For months, the predictions have been dire: As difficult as it’s been for restaurants to stay in business, the winter months will make it truly unbearable. By now, we all know that restaurant owners and employees have suffered an impossibly heavy toll as a result of the COVID pandemic. The industry is collapsing, there is no more aid in sight, and our leaders seem content to let independent restaurants and bars fail in the name of public safety. You do not need us to tell you that things are very bad for almost everyone involved in New York’s hospitality industry, and yet somehow, this week, they’ve started to look even worse.
Think back to this time a year ago: Office holiday parties, big meals with friends, midafternoon sunsets leading to drinks out with friends and colleagues. This year, the more pressing concerns are whether a restaurant’s heat lamps are strong enough to keep diners warm as temperatures plummet, whether the outdoor dining setups allow for enough airflow, and whether a given restaurant’s HVAC has been adequately upgraded to filter out the particles in diners’ breath. Dystopian dining “igloos” dot our sidewalks.
The National Restaurant Association reports that, in the United States, 110,000 restaurants are closed because of the pandemic. (In New York, hundreds of destinations and neighborhood favorites alike have already been forced to call it quits.) In all, the NRA reports that one in six restaurants are gone, with 48 percent of those now-former owners telling the trade group they are unlikely to stay in the industry at all. Meanwhile, 58 percent of all operators tell the group they anticipate more layoffs and furloughs before April. And, as Ryan Sutton reported last week on Eater, New York’s job recovery in the industry has already slowed, while aid remains woefully inadequate.
All of that would be bad enough. But yesterday, Governor Cuomo offered the dire warning that indoor dining — crucial for business as temperatures drop below freezing for the first time this season — would be halted next week if the hospitalization rate “does not stabilize in New York City in the next five days.” That is unlikely since, as Dr. Anthony Fauci predicted during Cuomo’s press conference, we are still about a week away from feeling the “full brunt” of a Thanksgiving-related surge — which, of course, can’t be corrected retroactively. And then Christmas and New Year’s will only bring further potential for increased spread of the virus. The question is no longer if indoor dining shuts down in New York City — it is “How soon?”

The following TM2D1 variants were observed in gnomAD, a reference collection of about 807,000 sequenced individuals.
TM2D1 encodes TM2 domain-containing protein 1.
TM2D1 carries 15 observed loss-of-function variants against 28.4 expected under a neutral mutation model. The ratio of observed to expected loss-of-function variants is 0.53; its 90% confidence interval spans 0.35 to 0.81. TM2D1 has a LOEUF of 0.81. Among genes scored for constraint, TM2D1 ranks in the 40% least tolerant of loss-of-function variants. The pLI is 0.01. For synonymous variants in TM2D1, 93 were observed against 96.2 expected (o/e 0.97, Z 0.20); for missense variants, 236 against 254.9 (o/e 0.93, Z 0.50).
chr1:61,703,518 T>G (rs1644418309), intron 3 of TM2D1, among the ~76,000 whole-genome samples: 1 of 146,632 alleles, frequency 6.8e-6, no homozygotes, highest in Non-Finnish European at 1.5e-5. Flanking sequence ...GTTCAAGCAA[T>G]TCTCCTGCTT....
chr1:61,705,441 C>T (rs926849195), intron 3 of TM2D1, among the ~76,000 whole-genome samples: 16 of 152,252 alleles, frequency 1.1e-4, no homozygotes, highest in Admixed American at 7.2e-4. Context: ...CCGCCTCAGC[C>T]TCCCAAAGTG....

It’s a combination of factors that is somehow newly and uniquely brutal — in New York and beyond. Owners who are not already equipped to see things through until the spring are increasingly pessimistic. In Bon Appétit, the chef Ed Lee told Ashlea Halpern, “At the end of the day, I’m on the Titanic trying to throw out buckets of water to stay afloat.”
Of course businesses are rethinking the ways they make money. There are meal kits and beautifully branded products and plenty of cocktails to go. But at a certain point, an assigned path becomes clear, even as people desperately hope to stray from it. Everyone recognizes the need for government assistance to help fix this; everyone seems increasingly convinced that it won’t happen in time, if at all. But we all knew this was coming, and, with each passing day, it will only become more impossible to fix it.